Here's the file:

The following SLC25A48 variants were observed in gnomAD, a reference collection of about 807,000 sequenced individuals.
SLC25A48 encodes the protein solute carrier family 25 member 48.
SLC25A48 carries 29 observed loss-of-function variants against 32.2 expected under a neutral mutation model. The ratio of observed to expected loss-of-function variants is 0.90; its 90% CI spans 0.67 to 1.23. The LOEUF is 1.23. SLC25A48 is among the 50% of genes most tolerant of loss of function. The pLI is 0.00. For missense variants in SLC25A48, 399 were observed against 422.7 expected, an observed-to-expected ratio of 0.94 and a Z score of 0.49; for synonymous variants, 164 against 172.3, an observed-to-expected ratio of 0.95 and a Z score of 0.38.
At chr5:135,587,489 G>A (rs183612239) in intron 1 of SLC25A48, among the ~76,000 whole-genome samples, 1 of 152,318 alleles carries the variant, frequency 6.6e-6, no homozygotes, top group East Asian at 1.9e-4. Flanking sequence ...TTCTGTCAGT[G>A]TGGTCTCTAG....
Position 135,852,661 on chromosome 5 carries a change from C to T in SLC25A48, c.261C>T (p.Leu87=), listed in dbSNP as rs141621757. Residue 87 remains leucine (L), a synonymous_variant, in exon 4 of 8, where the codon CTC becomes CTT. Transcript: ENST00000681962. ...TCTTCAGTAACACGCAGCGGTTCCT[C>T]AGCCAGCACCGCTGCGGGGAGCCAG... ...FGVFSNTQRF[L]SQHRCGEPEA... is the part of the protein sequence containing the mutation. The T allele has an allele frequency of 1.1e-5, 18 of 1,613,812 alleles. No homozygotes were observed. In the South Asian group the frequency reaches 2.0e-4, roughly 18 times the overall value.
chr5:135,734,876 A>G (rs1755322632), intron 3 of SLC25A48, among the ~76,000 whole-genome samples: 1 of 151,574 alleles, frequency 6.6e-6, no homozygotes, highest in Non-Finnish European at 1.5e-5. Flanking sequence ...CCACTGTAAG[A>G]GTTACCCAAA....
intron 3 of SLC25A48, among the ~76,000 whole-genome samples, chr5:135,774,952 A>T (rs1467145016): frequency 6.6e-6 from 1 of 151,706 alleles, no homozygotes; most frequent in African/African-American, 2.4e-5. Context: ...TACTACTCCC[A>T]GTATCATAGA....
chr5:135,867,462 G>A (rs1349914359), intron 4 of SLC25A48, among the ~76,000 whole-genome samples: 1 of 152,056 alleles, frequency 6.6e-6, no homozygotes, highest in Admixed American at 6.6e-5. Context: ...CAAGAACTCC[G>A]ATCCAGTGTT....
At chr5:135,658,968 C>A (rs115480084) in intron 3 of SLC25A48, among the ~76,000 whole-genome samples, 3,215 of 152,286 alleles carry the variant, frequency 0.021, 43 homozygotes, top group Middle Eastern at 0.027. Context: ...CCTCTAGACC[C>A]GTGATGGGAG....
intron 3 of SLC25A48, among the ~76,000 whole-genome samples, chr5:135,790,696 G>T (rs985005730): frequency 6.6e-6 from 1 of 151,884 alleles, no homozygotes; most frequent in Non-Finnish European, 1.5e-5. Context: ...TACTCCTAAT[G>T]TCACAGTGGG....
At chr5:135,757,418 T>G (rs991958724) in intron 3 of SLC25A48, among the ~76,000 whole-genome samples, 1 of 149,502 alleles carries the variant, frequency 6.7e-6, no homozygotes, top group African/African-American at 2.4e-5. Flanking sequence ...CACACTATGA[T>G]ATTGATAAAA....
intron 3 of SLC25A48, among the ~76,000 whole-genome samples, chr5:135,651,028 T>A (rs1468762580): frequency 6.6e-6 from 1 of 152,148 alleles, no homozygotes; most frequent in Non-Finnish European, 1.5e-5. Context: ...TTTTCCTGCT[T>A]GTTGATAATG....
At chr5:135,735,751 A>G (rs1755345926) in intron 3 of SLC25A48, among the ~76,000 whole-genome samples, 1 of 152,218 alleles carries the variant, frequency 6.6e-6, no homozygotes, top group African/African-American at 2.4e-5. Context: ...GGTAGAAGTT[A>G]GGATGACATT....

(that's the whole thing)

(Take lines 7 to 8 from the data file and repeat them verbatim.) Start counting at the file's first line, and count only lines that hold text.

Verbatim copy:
intron 3 of SLC25A48, among the ~76,000 whole-genome samples, chr5:135,774,952 A>T (rs1467145016): frequency 6.6e-6 from 1 of 151,706 alleles, no homozygotes; most frequent in African/African-American, 2.4e-5. Context: ...TACTACTCCC[A>T]GTATCATAGA....
chr5:135,867,462 G>A (rs1349914359), intron 4 of SLC25A48, among the ~76,000 whole-genome samples: 1 of 152,056 alleles, frequency 6.6e-6, no homozygotes, highest in Admixed American at 6.6e-5. Context: ...CAAGAACTCC[G>A]ATCCAGTGTT....